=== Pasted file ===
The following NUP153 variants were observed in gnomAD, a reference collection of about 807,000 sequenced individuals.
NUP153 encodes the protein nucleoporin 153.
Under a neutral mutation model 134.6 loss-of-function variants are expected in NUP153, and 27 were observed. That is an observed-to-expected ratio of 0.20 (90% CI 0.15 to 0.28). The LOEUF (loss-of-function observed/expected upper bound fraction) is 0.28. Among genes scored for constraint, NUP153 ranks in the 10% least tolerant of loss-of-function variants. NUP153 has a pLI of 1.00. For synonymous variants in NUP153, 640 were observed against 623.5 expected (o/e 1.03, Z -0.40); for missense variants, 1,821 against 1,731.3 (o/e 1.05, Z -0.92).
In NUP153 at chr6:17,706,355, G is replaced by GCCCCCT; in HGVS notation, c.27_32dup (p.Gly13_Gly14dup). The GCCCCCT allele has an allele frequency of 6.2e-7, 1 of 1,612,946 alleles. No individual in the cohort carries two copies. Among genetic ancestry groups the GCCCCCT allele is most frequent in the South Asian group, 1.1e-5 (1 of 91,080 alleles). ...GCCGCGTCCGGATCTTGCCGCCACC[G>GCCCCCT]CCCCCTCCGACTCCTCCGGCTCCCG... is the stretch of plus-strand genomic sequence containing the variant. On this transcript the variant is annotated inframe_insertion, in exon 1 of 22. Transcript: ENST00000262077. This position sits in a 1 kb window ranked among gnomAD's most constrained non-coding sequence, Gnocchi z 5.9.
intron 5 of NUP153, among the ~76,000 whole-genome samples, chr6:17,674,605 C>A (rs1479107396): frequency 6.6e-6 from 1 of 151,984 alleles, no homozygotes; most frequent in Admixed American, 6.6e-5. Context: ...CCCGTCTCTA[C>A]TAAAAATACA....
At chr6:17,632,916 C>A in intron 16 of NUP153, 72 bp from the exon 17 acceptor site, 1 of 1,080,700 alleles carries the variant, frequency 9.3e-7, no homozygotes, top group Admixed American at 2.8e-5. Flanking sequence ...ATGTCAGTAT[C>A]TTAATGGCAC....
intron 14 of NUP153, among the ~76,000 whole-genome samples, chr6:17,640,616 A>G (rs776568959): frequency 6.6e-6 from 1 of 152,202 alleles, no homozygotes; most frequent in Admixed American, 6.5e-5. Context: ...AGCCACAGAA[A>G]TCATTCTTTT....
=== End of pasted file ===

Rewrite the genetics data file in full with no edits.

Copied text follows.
The following NUP153 variants were observed in gnomAD, a reference collection of about 807,000 sequenced individuals.
NUP153 encodes the protein nucleoporin 153.
Under a neutral mutation model 134.6 loss-of-function variants are expected in NUP153, and 27 were observed. That is an observed-to-expected ratio of 0.20 (90% CI 0.15 to 0.28). The LOEUF (loss-of-function observed/expected upper bound fraction) is 0.28. Among genes scored for constraint, NUP153 ranks in the 10% least tolerant of loss-of-function variants. NUP153 has a pLI of 1.00. For synonymous variants in NUP153, 640 were observed against 623.5 expected (o/e 1.03, Z -0.40); for missense variants, 1,821 against 1,731.3 (o/e 1.05, Z -0.92).
In NUP153 at chr6:17,706,355, G is replaced by GCCCCCT; in HGVS notation, c.27_32dup (p.Gly13_Gly14dup). The GCCCCCT allele has an allele frequency of 6.2e-7, 1 of 1,612,946 alleles. No individual in the cohort carries two copies. Among genetic ancestry groups the GCCCCCT allele is most frequent in the South Asian group, 1.1e-5 (1 of 91,080 alleles). ...GCCGCGTCCGGATCTTGCCGCCACC[G>GCCCCCT]CCCCCTCCGACTCCTCCGGCTCCCG... is the stretch of plus-strand genomic sequence containing the variant. On this transcript the variant is annotated inframe_insertion, in exon 1 of 22. Transcript: ENST00000262077. This position sits in a 1 kb window ranked among gnomAD's most constrained non-coding sequence, Gnocchi z 5.9.
intron 5 of NUP153, among the ~76,000 whole-genome samples, chr6:17,674,605 C>A (rs1479107396): frequency 6.6e-6 from 1 of 151,984 alleles, no homozygotes; most frequent in Admixed American, 6.6e-5. Context: ...CCCGTCTCTA[C>A]TAAAAATACA....
At chr6:17,632,916 C>A in intron 16 of NUP153, 72 bp from the exon 17 acceptor site, 1 of 1,080,700 alleles carries the variant, frequency 9.3e-7, no homozygotes, top group Admixed American at 2.8e-5. Flanking sequence ...ATGTCAGTAT[C>A]TTAATGGCAC....
intron 14 of NUP153, among the ~76,000 whole-genome samples, chr6:17,640,616 A>G (rs776568959): frequency 6.6e-6 from 1 of 152,202 alleles, no homozygotes; most frequent in Admixed American, 6.5e-5. Context: ...AGCCACAGAA[A>G]TCATTCTTTT....